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10
Grunge

Grunge was both a musical style and a fashion choice. The music was generally defined by heavy guitars and overwrought, angsty lyrics; the fashion by flannel shirts, combat boots, muted colors and an overall blue collar aesthetic. If those elements seem a bit vague, that's because grunge was as much a rejection of other fads as a specific fad itself.

In the 1980s, popular rock music was dominated by flamboyant bands with teased hairstyles, neon spandex stage costumes, slick music production and a party-all-the-time attitude, like L.A.-based bands Mötley Crüe and Poison [source: Billboard]. An eventual backlash was inevitable, and it came initially from the Seattle music scene. There, a small indie record label called Sub Pop signed edgy bands like Mudhoney and Nirvana.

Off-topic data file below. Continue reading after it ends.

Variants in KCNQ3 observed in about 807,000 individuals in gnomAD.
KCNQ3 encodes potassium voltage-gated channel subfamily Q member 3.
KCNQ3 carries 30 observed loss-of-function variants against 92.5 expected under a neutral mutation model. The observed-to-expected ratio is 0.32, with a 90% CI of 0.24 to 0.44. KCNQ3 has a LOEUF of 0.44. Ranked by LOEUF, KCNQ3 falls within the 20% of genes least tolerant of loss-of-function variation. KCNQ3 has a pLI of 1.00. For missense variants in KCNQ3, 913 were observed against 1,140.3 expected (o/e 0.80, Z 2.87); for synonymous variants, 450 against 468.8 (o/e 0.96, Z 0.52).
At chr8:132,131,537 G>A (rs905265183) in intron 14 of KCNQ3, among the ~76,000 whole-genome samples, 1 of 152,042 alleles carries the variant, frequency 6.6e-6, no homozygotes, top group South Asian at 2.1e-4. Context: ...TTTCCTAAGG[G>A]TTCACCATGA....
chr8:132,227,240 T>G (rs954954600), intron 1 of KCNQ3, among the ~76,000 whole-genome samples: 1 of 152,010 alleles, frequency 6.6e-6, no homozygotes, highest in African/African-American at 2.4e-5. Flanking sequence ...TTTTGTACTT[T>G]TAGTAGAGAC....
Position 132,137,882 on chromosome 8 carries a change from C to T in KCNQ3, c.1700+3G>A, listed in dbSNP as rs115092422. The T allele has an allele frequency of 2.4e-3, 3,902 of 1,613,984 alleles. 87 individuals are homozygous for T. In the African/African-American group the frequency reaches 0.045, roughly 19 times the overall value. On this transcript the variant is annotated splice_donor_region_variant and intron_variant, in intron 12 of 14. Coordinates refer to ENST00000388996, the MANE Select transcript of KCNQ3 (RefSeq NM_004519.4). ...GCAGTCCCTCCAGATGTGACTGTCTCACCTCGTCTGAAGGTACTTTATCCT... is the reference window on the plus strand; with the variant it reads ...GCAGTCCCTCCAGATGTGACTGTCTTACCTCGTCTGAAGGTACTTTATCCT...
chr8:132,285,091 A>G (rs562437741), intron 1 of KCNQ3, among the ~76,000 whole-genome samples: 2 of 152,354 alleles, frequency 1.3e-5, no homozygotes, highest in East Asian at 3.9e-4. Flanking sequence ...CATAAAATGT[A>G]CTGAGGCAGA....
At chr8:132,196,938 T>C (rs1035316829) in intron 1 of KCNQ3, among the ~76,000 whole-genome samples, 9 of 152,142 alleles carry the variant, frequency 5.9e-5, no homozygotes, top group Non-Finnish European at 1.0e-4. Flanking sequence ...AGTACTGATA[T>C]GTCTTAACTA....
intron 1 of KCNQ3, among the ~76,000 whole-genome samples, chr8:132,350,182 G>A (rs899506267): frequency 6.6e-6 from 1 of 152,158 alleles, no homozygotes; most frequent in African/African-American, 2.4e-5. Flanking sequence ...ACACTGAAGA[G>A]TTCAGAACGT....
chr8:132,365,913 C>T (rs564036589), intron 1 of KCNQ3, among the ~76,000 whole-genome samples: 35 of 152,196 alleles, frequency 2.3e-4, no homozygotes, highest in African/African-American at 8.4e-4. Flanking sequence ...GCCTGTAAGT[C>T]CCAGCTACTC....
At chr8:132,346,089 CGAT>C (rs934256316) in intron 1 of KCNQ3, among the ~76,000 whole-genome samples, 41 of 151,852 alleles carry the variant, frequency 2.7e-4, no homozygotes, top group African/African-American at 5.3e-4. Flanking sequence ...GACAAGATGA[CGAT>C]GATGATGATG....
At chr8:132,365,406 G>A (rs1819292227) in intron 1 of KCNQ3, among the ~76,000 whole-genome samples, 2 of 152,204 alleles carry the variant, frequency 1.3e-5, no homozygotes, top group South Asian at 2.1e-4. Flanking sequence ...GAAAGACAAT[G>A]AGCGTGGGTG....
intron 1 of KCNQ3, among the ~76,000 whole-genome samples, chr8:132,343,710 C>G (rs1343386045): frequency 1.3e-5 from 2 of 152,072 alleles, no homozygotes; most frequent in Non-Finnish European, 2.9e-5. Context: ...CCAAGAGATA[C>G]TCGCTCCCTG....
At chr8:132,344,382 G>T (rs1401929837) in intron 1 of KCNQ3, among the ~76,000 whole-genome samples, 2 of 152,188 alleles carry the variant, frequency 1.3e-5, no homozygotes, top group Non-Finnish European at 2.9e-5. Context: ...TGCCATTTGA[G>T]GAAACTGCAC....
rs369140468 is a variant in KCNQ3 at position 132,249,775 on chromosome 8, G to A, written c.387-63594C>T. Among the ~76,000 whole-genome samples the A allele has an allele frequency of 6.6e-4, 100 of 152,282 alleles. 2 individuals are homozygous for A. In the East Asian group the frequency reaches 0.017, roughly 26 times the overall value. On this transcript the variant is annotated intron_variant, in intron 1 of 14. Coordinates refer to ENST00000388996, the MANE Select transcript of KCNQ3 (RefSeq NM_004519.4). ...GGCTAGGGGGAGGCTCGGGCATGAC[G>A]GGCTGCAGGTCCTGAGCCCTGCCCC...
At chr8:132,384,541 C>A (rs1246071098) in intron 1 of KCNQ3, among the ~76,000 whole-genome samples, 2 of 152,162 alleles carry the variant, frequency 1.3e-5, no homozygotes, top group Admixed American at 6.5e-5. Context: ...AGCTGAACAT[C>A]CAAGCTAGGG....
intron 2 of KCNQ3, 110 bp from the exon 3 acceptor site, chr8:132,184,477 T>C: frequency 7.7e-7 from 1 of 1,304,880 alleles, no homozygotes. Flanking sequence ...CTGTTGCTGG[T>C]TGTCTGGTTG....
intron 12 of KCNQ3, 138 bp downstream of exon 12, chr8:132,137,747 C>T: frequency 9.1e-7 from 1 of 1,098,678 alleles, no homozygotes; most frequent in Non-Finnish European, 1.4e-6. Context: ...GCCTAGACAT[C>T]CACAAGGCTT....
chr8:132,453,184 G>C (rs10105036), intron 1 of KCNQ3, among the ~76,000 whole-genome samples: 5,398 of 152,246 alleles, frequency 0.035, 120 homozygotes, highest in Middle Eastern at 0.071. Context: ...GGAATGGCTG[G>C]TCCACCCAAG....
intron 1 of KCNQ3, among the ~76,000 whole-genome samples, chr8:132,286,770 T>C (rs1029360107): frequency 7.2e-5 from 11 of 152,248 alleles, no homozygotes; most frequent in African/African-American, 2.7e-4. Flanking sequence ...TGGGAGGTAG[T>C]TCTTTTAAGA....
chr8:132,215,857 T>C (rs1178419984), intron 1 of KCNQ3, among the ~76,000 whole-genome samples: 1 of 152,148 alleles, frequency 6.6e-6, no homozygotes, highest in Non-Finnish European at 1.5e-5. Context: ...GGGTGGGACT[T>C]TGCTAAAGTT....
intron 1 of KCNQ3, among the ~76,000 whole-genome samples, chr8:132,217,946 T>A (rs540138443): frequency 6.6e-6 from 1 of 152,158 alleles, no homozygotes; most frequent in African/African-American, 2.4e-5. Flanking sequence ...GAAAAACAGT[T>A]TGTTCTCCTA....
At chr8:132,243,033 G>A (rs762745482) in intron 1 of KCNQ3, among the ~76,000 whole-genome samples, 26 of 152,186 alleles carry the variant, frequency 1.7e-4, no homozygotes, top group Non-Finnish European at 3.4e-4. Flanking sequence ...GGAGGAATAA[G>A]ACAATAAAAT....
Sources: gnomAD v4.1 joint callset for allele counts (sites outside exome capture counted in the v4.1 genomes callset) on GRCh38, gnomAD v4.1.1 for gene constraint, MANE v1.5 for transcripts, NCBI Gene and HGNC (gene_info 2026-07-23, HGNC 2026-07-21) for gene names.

Nirvana's unexpected jump to mainstream success defined grunge and the "Seattle sound" as a whole. Indeed, many of the bands who are lumped together under the grunge label (Pearl Jam, Alice in Chains, Soundgarden) have little in common other than their home city, a love of heavily distorted guitars and dark lyrics about serious topics. They all painted a stark contrast to the glam rock and hair metal that had come before, however. Of course, that meant that it wasn't long before you could buy fashionably grungy flannel in every mall in America.

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